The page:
The judge, likely recognizing the problems with the verdict, set Jones’s “peace bond” at all of $1. Jones refused to pay it on principle and was summarily carted off to jail. And now here we are:
The jury had been debating since 3:30 p.m .Thursday. The main issue of the trial was whether or not Jones’ main purpose was to say or do something that would incite violence. They came back with their verdict shortly after 6:30 p.m…
At the start of the trial, prosecutors presented their arguments before the jury. They argue that a protest outside the mosque in Dearborn would pose a significant safety issue. They argued that there is concern from authorities that someone may get hurt…
Dearborn Police Chief Ronald Haddad also took the stand to testify in the case. Chief Haddad denied the permit request that would allow the protest to take place outside of the mosque. He testified that there were concerns over safety. Terry Jones also questioned Chief Haddad. He referred to a conversation he had with the Chief and asked him what his impression was after they had met. Chief Haddad responded that Jones was cordial and did not appear to be violent in nature.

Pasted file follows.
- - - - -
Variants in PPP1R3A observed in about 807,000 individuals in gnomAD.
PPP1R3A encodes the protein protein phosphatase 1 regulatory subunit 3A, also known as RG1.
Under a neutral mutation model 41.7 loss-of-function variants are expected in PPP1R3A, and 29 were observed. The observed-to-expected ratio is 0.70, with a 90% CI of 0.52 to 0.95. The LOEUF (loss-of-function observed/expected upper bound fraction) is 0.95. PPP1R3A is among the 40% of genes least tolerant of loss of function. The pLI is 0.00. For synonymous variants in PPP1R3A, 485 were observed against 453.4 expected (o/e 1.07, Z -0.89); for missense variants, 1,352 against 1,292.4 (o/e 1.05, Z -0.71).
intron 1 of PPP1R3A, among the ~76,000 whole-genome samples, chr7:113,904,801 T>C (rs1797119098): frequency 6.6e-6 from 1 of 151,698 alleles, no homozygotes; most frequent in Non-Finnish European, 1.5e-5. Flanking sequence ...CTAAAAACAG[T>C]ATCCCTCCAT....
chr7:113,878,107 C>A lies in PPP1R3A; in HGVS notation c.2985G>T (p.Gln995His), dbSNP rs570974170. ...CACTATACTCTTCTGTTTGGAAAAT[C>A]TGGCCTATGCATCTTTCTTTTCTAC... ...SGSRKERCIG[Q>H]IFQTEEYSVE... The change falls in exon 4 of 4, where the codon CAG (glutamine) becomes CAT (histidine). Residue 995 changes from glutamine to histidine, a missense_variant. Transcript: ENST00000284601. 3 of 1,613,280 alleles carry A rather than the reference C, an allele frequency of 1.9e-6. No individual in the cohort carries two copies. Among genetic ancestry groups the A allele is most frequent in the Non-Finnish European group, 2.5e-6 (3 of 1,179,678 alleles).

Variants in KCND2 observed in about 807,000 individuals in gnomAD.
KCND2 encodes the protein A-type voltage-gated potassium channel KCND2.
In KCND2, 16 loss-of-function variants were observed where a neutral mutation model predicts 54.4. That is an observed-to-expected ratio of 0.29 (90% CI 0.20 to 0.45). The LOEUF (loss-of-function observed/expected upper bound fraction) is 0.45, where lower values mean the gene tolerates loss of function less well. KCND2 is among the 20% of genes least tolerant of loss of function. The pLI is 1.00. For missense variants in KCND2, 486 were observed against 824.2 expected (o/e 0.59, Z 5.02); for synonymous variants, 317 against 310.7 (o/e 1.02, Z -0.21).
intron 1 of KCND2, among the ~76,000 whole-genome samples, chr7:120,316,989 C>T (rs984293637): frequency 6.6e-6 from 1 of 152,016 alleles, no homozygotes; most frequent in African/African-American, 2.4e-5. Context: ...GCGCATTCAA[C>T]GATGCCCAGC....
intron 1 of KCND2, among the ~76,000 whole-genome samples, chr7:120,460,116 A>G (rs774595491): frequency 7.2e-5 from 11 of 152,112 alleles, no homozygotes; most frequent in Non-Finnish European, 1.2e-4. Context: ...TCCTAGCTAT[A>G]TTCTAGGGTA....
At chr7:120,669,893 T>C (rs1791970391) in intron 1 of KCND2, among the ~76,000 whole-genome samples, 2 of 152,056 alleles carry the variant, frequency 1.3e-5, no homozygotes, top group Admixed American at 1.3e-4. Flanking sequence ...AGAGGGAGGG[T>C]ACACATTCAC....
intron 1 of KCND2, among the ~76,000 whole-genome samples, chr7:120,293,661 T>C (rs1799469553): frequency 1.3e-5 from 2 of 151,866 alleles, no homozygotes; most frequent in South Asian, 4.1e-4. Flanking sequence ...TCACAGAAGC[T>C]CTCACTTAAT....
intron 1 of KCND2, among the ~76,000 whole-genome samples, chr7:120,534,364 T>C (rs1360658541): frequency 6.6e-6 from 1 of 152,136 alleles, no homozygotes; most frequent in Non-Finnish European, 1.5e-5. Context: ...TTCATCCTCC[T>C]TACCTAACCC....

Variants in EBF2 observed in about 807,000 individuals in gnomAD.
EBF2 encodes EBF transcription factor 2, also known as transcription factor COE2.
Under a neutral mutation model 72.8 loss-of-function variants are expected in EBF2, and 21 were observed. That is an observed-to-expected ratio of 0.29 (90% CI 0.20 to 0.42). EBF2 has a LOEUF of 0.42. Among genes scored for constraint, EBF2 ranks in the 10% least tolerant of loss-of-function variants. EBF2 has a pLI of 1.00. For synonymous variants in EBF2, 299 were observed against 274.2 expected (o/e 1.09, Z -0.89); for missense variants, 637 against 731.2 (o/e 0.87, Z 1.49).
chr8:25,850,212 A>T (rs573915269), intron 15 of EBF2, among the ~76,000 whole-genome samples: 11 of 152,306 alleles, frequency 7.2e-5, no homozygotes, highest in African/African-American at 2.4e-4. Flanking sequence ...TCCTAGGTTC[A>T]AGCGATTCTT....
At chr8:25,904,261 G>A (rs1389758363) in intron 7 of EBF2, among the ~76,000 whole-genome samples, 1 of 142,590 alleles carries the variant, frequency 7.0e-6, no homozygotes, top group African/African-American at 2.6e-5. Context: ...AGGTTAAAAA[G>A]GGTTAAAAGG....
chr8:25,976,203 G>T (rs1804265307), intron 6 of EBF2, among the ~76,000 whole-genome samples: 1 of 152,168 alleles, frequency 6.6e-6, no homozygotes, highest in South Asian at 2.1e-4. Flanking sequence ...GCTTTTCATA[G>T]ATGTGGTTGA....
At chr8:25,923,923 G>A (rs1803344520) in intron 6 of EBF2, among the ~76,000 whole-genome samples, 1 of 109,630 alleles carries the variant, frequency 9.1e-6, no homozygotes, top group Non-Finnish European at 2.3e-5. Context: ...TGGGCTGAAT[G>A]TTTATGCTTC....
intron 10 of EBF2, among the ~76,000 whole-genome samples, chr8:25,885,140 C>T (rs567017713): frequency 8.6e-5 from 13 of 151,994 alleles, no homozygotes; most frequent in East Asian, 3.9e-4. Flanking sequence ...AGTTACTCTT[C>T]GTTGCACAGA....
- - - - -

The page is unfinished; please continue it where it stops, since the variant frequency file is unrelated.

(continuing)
In case you’re unclear on whom they expected violence from, a little clarity:
Dearborn Police Chief Ronald Haddad testified today that there have been at least four serious threats made against Jones from metro Detroiters, arguing that his protest could lead to violence if allowed…
Speaking at a McDonald’s restaurant down the street from the courthouse, Jones — who’s defending himself — said he thought the proceedings are going well. And he said the government’s case was weak.
As he spoke, someone drove down Michigan Avenue yelling “Get out of Dearborn, you terrorist!”